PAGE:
Importance of prediction

Dust intrusions cause significant repercussions on society. The WHO states that breathing daily average values above 50 µg/m3 has an impact on our health. During these events of poor air quality, mortality increases and there are more admissions to hospitals associated with cardiorespiratory diseases.

The Barcelona Supercomputing (BSC), together with the Spanish Meteorological Agency (AEMET), manages the “Barcelona Dust Regional Center”, which is the Regional Center for North Africa, the Middle East and Europe of the World Meteorological Organization (WMO) for the prediction and warning of dust and sand storms. This center offers forecasts of dust intrusions three days in advance.

The Spanish environmental quality law establishes that citizens must have access to air quality information, as well as that authorities must alert the population of events that exceed the established air quality thresholds, therefore the importance of having of these forecasts. There are sectors of society more vulnerable to this type of event, such as people who suffer from cardiorespiratory diseases. Having the information available to the authorities in advance enables better management of resources in hospitals, as well as carrying out preventive measures in asthmatic patients. A good example is a collaboration that the BSC has carried out with Biodata for the development of a prototype for asthmatic patients in the Valladolid area.

Other sectors that can benefit are the solar energy sector, since the presence of dust reduces the productivity of solar plants, or the aeronautical sector, since the reduction of visibility can cause the closure of airports, as happens in the Canary Islands during severe dust episodes.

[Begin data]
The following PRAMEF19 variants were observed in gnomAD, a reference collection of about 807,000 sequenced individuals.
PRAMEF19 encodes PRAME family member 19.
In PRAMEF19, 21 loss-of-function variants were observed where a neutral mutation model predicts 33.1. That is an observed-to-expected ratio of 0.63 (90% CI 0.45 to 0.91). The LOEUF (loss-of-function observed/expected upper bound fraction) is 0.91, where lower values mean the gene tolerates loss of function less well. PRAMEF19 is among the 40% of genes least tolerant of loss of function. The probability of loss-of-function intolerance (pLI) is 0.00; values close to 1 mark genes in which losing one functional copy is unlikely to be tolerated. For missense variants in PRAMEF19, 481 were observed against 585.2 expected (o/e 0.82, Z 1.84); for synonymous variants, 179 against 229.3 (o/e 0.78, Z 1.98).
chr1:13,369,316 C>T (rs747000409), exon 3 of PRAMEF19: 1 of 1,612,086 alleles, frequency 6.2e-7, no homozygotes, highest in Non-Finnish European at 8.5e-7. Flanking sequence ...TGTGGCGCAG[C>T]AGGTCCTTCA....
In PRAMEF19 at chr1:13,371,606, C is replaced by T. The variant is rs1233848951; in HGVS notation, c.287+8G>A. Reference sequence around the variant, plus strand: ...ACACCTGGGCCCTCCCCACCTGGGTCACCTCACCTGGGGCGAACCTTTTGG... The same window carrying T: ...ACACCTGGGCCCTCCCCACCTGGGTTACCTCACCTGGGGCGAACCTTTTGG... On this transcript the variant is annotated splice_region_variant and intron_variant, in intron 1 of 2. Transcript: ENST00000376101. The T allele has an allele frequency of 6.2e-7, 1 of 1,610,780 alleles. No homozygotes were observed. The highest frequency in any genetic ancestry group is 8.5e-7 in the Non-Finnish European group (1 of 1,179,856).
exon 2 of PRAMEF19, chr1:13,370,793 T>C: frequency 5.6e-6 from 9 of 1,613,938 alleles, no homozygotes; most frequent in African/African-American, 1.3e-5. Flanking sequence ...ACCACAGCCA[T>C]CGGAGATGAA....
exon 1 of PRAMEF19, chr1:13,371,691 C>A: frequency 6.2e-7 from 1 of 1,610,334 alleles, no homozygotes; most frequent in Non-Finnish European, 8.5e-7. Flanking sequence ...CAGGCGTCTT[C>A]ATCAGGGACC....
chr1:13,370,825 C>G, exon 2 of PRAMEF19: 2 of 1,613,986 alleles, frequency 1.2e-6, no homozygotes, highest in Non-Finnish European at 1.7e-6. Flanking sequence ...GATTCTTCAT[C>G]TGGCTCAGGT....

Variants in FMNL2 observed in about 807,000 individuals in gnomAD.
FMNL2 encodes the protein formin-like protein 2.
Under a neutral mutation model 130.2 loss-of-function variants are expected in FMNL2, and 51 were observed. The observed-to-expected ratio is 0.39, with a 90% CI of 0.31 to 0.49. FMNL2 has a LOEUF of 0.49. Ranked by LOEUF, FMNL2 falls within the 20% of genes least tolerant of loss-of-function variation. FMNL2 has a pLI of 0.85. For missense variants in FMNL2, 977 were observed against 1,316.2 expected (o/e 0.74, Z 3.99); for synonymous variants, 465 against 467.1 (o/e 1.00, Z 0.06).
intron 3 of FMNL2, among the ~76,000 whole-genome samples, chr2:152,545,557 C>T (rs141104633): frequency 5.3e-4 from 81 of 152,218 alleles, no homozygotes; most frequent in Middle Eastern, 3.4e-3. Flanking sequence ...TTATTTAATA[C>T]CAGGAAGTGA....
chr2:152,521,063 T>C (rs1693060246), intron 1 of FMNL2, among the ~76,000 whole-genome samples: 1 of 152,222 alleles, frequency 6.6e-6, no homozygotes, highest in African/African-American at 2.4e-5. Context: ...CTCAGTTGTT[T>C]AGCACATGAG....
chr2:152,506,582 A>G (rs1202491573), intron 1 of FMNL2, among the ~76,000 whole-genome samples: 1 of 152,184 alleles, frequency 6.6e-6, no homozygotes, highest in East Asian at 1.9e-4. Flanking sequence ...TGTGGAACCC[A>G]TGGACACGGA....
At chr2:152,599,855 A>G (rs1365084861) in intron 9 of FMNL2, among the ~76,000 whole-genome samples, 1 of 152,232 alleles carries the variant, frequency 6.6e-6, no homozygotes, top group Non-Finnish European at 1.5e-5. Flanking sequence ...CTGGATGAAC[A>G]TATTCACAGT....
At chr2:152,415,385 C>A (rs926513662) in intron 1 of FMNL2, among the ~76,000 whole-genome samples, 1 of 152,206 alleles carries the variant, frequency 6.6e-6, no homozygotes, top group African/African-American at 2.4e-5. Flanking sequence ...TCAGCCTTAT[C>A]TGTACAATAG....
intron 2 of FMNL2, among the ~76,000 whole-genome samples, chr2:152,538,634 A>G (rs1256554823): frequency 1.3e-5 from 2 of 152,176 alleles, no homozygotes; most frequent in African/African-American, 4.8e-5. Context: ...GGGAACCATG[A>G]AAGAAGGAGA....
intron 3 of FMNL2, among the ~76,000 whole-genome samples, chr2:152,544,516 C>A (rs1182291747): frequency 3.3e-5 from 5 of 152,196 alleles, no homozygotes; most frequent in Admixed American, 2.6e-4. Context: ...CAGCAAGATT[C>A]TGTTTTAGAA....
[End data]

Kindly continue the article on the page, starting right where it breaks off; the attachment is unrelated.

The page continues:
Origin and frequency of dust intrusions

Dust and sand storms start in arid regions when there are sufficient wind conditions to lift particles into the atmosphere. Dust intrusions into Europe occur regularly because of its proximity to the Sahara Desert. Scientific studies establish that in regions of Europe below 45ºN latitude, an increase in the levels of particles in the air is detected more than 20 days a year due to African intrusions. In the case of southern Spain, more than 35 days a year are reached. These events usually occur in spring and summer.

BSC and the dust study

The “Barcelona Dust Regional Center” offers free dust intrusion forecasts through its website (https://dust.aemet.es /) and the Twitter account @Dust_Barcelona. In addition, the forecasts are also accessible through the BSC website (www.bsc.es/ess) and are included in the air quality notices issued by the Ministry for the Ecological Transition and the Demographic Challenge.

The BSC has a long tradition in research on desert dust and hosts an AXA Chair on mineral dust storms financed by AXA Research Fund, led by Carlos Pérez García-Pando, ICREA and AXA Professor, and Head of the Atmospheric Composition group at BSC. García-Pando also leads the FRAGMENT project, an ERC Consolidator Grant, which aims to understand the composition of atmospheric mineral dust on a global scale and its impact on climate.


Other information of interest:


Measures of the European Network for air quality monitoring for February 25. European Environmental Agency (https://www.eea.europa.eu/data-and-maps/explore-interactive-maps/up-to-date-air-quality-data)


  • Image 1,2,3:  Saharan dust turns Pyrénées snow brownish- Credit: European Union , Copernicus Sentinel-2 imagery
  • Image 4,5,6: Federico Colli.